Plagiarism: What to do
So you've found a villan. Someone out there online is claiming your work as their own. Maybe even selling it! The anger wells up in you and your first impulse is to dismantle this thief all over the internet. Please don't! Take a breath and think it out.
The phrase "cease and desist" gets thrown around a lot but let's get real. Lawyers and lawsuits cost money (a quick search says between $100-300 for starters). Plus, seeking legal action can get slippery because you can then be sued in return. Is it worth it? What happens when the plagiarist lives in another country? Righting this wrong isn't always easy and there's no guarantee that you'll even get satisfaction.
The Small Fish:
Most people who plagiarize artwork don't even realize they're doing it. I like to take this approach when I find that someone has used our work on their Etsy t-shirt shop/small business logo, etc. A polite email explaining that the image is our original artwork usually does the job. If it doesn't, then further action might be required. In the age of social media shaming, calling the offender out online is one of the last things I'd recommend doing. It can be a last resort, but remember that people's careers and lives can be destroyed. Make sure the punishment fits the crime. Read these cautionary tales before uncorking a genie that can't be put back in its bottle.
The Big Fish:
Our standard approach when dealing with a "bigger fish" (domestic or foreign) is to try and turn the situation into an opportunity. We contact these businesses and say "Hey, obviously you like our work. Why don't you pay us to make something new for you? Can we develop a fruitful long term relationship?" Since most people don't like to admit they've done something wrong, it's almost human nature, we've found that it's best to sidestep a confrontation. Rather than fighting to be right, leverage a way to make more money together. Turn it into the famous win/win.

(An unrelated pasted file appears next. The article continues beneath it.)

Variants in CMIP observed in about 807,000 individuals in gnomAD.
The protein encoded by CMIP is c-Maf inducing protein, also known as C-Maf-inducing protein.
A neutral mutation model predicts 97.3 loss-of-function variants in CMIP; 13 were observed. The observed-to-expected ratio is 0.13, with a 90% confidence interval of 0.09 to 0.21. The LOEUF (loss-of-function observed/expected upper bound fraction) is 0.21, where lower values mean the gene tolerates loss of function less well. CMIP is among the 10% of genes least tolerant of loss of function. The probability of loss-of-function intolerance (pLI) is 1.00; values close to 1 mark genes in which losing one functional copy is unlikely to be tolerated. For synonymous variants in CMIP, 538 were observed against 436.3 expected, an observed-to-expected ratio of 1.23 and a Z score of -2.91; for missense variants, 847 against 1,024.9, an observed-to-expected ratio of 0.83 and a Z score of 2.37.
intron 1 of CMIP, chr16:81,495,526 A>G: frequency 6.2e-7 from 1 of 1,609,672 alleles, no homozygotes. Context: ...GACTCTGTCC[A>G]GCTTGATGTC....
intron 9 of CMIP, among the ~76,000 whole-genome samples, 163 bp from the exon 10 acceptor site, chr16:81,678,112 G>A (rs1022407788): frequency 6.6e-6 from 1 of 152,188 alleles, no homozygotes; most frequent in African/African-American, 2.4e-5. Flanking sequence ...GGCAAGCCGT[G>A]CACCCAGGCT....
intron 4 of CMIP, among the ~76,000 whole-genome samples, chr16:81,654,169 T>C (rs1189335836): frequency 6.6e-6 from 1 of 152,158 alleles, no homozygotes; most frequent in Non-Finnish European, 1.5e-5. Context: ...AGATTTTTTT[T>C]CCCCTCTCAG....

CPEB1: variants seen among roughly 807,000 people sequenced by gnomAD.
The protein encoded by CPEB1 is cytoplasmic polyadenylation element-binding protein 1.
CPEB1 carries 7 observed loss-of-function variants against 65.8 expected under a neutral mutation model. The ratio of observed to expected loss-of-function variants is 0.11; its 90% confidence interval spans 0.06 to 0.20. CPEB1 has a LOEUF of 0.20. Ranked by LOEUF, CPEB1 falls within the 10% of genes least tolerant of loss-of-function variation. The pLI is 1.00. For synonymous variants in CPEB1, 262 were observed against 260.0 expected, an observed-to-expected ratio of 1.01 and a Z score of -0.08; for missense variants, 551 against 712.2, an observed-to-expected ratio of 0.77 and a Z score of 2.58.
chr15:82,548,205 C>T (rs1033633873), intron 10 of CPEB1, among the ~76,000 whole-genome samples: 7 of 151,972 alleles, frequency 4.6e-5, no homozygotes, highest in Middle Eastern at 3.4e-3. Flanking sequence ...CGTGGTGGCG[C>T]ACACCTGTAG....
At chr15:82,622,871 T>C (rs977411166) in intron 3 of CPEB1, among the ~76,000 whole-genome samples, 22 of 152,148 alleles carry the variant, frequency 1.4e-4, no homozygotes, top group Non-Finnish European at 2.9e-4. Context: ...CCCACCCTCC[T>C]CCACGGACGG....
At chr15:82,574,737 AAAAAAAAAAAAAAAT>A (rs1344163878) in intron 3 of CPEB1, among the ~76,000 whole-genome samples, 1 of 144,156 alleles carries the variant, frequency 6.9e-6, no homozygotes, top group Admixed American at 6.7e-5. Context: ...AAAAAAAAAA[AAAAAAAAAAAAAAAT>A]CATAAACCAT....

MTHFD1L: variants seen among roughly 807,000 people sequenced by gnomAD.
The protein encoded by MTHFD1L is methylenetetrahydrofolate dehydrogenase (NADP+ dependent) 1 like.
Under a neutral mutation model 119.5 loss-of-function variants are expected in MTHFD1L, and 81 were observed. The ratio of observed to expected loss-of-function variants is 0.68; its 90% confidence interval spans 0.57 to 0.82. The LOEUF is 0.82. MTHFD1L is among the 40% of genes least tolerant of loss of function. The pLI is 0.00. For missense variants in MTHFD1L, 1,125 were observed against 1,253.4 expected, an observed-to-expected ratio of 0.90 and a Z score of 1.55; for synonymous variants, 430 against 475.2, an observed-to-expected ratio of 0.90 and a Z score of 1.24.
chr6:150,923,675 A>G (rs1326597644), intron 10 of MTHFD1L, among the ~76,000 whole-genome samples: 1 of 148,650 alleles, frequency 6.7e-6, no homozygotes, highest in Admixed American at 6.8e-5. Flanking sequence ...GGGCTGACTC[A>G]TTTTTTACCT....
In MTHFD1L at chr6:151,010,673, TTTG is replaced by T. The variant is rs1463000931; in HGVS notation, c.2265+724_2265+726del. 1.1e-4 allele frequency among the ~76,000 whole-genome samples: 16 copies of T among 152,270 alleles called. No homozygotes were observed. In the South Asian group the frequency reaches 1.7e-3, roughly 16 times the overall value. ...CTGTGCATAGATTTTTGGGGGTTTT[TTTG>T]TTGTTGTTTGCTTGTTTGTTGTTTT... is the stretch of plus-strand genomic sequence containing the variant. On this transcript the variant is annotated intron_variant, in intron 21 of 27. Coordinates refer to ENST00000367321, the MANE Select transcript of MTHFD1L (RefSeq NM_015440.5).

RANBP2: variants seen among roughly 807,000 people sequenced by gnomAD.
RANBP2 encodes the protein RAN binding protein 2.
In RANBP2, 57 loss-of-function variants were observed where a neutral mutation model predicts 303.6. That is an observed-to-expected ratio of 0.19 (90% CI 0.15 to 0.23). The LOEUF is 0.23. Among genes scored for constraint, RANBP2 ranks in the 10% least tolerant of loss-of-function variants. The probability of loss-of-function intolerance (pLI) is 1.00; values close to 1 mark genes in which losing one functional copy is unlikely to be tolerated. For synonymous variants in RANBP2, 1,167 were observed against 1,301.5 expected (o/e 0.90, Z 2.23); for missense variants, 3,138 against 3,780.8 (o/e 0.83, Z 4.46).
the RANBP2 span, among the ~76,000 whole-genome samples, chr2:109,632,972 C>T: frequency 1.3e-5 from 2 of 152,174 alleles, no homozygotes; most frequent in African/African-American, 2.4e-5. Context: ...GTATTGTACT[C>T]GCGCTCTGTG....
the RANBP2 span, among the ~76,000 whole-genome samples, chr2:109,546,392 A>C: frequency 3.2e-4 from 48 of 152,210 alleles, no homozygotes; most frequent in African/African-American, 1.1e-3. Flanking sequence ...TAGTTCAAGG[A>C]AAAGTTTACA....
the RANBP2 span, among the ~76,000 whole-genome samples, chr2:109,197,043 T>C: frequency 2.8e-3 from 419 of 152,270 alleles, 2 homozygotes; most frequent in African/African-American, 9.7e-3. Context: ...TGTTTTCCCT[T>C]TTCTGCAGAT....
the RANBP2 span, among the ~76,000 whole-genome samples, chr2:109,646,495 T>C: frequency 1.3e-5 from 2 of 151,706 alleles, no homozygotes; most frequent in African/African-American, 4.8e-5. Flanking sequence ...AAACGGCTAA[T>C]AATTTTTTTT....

The Annoying Fish:
These examples don't really cover all of the plagiarist experiences we've encountered. Some fall in-between and they're probably the most frustrating. There is at least one guy that, despite being contacted numerous times, continues to sell our repurposed artwork. For years. We've gone so far as to contact the different vendors that he's used to sell prints and asked them to take his artwork down. Some comply, others don't. So, in the end, we try to live with it and let go. Some fish are small but annoying.
Ultimately, your art is driven by ideas and design and illustration are very public mediums. People can connect with it and deep down that's what you hope for as a creator. In this age your work can not only reach people but be distilled from an idea to a meme. Not because it's shallow, but because it's so easy to proliferate. I do think "ownership" of your own work is important, it just takes on a different value when it enters the world. Be fearless when it comes to creating and sharing your artwork, but be savvy when someone infringes. Make relationships whenever possible because being a creative is a business.
So, breath in, breath out, and make some money :)